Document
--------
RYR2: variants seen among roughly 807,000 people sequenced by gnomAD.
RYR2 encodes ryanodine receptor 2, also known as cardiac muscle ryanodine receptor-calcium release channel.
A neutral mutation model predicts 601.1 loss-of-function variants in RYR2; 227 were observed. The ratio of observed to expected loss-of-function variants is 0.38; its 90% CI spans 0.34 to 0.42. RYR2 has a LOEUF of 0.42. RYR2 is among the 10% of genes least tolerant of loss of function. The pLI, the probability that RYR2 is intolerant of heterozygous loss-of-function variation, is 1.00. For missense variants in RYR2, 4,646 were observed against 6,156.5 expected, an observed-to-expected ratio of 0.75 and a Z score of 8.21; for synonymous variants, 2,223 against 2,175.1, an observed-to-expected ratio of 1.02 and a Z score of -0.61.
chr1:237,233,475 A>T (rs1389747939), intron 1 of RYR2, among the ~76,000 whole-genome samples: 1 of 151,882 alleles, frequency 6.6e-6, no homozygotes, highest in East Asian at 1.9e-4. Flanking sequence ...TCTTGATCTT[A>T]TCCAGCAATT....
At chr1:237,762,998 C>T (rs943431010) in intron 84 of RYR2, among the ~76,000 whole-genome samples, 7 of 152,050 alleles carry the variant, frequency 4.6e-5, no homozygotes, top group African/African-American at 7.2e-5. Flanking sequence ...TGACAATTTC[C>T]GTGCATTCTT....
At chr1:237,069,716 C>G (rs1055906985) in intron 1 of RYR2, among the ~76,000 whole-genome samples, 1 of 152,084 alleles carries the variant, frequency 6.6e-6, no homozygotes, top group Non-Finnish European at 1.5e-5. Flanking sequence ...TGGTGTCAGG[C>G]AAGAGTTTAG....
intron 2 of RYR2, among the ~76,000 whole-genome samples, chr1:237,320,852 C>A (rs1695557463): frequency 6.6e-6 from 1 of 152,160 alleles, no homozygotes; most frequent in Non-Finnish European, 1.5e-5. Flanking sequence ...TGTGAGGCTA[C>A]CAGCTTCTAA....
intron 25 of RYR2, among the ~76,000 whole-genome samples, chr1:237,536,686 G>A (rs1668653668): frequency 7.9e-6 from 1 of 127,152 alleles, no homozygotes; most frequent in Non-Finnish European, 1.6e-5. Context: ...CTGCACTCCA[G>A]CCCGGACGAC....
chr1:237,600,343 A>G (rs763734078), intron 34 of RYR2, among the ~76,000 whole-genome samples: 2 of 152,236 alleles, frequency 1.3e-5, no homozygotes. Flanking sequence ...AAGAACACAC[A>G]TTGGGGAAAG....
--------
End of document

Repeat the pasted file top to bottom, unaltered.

RYR2: variants seen among roughly 807,000 people sequenced by gnomAD.
RYR2 encodes ryanodine receptor 2, also known as cardiac muscle ryanodine receptor-calcium release channel.
A neutral mutation model predicts 601.1 loss-of-function variants in RYR2; 227 were observed. The ratio of observed to expected loss-of-function variants is 0.38; its 90% CI spans 0.34 to 0.42. RYR2 has a LOEUF of 0.42. RYR2 is among the 10% of genes least tolerant of loss of function. The pLI, the probability that RYR2 is intolerant of heterozygous loss-of-function variation, is 1.00. For missense variants in RYR2, 4,646 were observed against 6,156.5 expected, an observed-to-expected ratio of 0.75 and a Z score of 8.21; for synonymous variants, 2,223 against 2,175.1, an observed-to-expected ratio of 1.02 and a Z score of -0.61.
chr1:237,233,475 A>T (rs1389747939), intron 1 of RYR2, among the ~76,000 whole-genome samples: 1 of 151,882 alleles, frequency 6.6e-6, no homozygotes, highest in East Asian at 1.9e-4. Flanking sequence ...TCTTGATCTT[A>T]TCCAGCAATT....
At chr1:237,762,998 C>T (rs943431010) in intron 84 of RYR2, among the ~76,000 whole-genome samples, 7 of 152,050 alleles carry the variant, frequency 4.6e-5, no homozygotes, top group African/African-American at 7.2e-5. Flanking sequence ...TGACAATTTC[C>T]GTGCATTCTT....
At chr1:237,069,716 C>G (rs1055906985) in intron 1 of RYR2, among the ~76,000 whole-genome samples, 1 of 152,084 alleles carries the variant, frequency 6.6e-6, no homozygotes, top group Non-Finnish European at 1.5e-5. Flanking sequence ...TGGTGTCAGG[C>G]AAGAGTTTAG....
intron 2 of RYR2, among the ~76,000 whole-genome samples, chr1:237,320,852 C>A (rs1695557463): frequency 6.6e-6 from 1 of 152,160 alleles, no homozygotes; most frequent in Non-Finnish European, 1.5e-5. Flanking sequence ...TGTGAGGCTA[C>A]CAGCTTCTAA....
intron 25 of RYR2, among the ~76,000 whole-genome samples, chr1:237,536,686 G>A (rs1668653668): frequency 7.9e-6 from 1 of 127,152 alleles, no homozygotes; most frequent in Non-Finnish European, 1.6e-5. Context: ...CTGCACTCCA[G>A]CCCGGACGAC....
chr1:237,600,343 A>G (rs763734078), intron 34 of RYR2, among the ~76,000 whole-genome samples: 2 of 152,236 alleles, frequency 1.3e-5, no homozygotes. Flanking sequence ...AAGAACACAC[A>G]TTGGGGAAAG....